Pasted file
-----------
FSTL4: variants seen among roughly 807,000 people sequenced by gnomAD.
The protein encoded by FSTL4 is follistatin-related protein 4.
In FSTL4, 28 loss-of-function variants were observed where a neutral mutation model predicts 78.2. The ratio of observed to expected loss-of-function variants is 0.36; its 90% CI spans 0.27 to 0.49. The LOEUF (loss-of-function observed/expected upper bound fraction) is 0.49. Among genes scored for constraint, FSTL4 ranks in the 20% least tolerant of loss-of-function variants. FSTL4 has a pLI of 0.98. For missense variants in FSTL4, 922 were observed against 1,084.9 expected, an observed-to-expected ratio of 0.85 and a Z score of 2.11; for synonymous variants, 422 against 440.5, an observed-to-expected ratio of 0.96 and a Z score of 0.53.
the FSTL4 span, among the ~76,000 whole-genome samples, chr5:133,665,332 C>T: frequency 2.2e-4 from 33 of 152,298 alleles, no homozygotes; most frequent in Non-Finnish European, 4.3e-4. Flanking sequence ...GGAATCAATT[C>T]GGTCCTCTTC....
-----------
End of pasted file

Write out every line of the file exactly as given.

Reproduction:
FSTL4: variants seen among roughly 807,000 people sequenced by gnomAD.
The protein encoded by FSTL4 is follistatin-related protein 4.
In FSTL4, 28 loss-of-function variants were observed where a neutral mutation model predicts 78.2. The ratio of observed to expected loss-of-function variants is 0.36; its 90% CI spans 0.27 to 0.49. The LOEUF (loss-of-function observed/expected upper bound fraction) is 0.49. Among genes scored for constraint, FSTL4 ranks in the 20% least tolerant of loss-of-function variants. FSTL4 has a pLI of 0.98. For missense variants in FSTL4, 922 were observed against 1,084.9 expected, an observed-to-expected ratio of 0.85 and a Z score of 2.11; for synonymous variants, 422 against 440.5, an observed-to-expected ratio of 0.96 and a Z score of 0.53.
the FSTL4 span, among the ~76,000 whole-genome samples, chr5:133,665,332 C>T: frequency 2.2e-4 from 33 of 152,298 alleles, no homozygotes; most frequent in Non-Finnish European, 4.3e-4. Flanking sequence ...GGAATCAATT[C>T]GGTCCTCTTC....